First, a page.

"We're at a tipping point," said Susan Glisson, director of the Institute for Racial Reconciliation at the University of Mississippi. "But I don't know which way we're going to tip."
Glisson knows that many conservatives disagree with Obama solely because of his policies. "But I am also quite certain that there are others who object to the president because of his race, because they have a fear of blacks that is embedded in our culture," she said.
Her conclusion is based on something called "implicit bias"— prejudices that people don't realize they have.
Here's the thing - the article is a prime example of implicit bias from the left. They are positive that Republicans must be racist so they look at every word and every action for proof. With no explicit examples, they are left with code words.
"Every time they say, 'We want our country back,' I know what that means," Susan Bankston, a white Democratic National Convention delegate from Richmond, Texas, said at the gathering last week.
"You recognize it when every time the Republicans with their own convention refer to him by his first name, Barack Obama. He's President Barack Obama," said Patt Sanders, a delegate from Englewood, Calif., who is black.
These are prime examples of using a double standard. Phrases like "wanting our country back" were thrown around freely during the Bush administration. The Clinton inauguration in 1993 carried the theme "Taking back America". Similarly, I don't remember anyone who disliked Reagan, either Bush, or Clinton using his full title.
A lot of this comes from expectations and associations. Republicans oppose the progressive agenda. Since the agenda is so obviously good for the country and the world, then they must oppose it because they are evil. Racism is evil therefore anyone who is evil must also be racist.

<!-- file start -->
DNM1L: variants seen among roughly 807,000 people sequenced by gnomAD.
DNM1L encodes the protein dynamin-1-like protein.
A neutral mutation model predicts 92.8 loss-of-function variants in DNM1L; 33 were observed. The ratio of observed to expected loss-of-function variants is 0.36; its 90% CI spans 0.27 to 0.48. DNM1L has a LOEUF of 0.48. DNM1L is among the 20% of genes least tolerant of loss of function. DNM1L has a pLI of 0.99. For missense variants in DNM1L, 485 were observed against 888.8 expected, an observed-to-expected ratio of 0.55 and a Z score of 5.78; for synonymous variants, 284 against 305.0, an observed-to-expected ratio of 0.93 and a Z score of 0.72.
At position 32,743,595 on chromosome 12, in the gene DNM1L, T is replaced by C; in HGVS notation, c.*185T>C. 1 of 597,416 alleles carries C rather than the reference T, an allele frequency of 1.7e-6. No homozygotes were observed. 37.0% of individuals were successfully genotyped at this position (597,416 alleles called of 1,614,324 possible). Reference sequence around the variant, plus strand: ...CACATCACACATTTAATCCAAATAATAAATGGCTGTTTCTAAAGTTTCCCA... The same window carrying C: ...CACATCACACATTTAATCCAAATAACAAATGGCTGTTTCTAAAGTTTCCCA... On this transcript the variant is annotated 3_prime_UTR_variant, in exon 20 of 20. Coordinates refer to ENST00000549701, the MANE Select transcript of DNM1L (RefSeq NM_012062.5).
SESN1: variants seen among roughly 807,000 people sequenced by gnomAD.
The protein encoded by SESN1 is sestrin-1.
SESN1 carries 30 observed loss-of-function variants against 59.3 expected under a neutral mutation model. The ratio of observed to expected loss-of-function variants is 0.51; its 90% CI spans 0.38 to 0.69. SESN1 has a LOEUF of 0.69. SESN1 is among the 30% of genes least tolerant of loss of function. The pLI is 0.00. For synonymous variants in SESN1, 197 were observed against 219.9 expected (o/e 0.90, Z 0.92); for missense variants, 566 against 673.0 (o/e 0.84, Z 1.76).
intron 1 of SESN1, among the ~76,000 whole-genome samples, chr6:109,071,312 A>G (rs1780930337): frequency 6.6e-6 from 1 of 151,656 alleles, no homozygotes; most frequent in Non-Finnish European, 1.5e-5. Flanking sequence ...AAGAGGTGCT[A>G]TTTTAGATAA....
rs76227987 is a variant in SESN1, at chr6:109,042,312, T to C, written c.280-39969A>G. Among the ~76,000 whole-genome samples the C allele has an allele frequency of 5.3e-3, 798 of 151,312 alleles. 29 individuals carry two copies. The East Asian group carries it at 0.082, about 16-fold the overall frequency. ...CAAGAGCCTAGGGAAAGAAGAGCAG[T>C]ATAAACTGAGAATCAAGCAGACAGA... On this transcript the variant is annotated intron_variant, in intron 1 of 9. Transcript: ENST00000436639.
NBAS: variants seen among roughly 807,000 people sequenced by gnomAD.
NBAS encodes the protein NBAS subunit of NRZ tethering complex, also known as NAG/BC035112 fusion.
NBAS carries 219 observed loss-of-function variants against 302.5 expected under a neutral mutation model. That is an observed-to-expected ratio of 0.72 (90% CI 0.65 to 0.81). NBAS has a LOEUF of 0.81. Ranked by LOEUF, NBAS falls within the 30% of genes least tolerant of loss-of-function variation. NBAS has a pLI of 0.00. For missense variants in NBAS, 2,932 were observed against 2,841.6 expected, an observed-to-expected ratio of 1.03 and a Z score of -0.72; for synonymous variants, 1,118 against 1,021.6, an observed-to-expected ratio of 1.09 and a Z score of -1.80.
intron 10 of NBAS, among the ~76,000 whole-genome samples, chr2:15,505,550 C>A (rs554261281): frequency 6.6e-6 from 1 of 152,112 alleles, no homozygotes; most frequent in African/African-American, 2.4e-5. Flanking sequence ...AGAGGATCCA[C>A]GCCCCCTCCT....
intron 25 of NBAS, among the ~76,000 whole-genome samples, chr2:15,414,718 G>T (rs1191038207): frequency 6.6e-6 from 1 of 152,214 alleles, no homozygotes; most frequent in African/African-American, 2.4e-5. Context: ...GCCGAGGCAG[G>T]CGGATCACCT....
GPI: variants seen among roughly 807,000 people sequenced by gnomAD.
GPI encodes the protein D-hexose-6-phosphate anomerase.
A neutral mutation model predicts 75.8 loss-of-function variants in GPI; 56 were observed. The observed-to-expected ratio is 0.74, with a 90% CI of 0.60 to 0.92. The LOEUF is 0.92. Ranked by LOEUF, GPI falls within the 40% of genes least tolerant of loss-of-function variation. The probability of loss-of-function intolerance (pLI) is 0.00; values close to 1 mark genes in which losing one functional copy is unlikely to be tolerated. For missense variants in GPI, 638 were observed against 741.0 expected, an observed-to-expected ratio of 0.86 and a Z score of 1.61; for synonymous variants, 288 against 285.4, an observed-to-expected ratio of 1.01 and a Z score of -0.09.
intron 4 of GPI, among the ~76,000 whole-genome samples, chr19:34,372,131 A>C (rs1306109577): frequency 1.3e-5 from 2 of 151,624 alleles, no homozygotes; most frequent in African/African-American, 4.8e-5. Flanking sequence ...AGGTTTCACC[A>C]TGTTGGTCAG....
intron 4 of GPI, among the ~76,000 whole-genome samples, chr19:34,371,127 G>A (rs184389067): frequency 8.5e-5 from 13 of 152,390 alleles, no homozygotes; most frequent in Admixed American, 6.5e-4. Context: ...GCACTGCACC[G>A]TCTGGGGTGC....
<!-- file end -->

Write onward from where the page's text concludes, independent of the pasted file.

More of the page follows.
There is also some history involved. For decades, Democrats have insisted on treating minorities (and voting blocks) as groups and used strict quotas to enforce equality. Republicans have opposed quotas, arguing that people should be judged as individuals instead of by the group they belong to. The Republicans are for examining issues on a case-by-case basis which Democrats argue it too time-consuming. Again, since Democrats regard quotas as the only useful tool for enforcing equality then Republicans must be racists for opposing them.
Once this implicit bias was established then it is fair game to examine every Republican action for racism.
Ironically, the Republicans are not the party of racism. Segregation in the South during the first half of the 20th century happened in a time when Democrats were the dominant party. Democratic governors opposed rather than helped the Civil Rights movement. The first desegregation of schools and the military came about under Eisenhower (a Republican). It was not until the mid-1960s that civil rights became part of the Democratic coalition (although black voters had been part of FDR's coalition).
Four years ago the Obama campaign assumed that many people would not vote for a black man and ran ads to downplay his race. They stressed that his mother was born in Kansas and that he was raised by whites. The sub-text was that he is a white man with dark skin. This does not speak well of the Obama campaign's opinion of his supporters.
Before we started using terms like "implicit bias" we called this prejudice: pre-judging. When Alec Baldwin tweets, "If Obama was white, he'd be up by 17 points" he is not basing this on any historic analysis. Given that the economy is doing better than at this point under Carter or Bush (41) but not as well as under Reagan, Clinton, or Bush (43), Obama's numbers are right where you would expect them to be - too close to call. To say otherwise, Baldwin has to ignore Obama's actual performance and ascribe negative motives to anyone who disagrees.
The paradox here is that the Republicans see the Democrats as "playing the race card" while the Democrats see themselves as being neutral.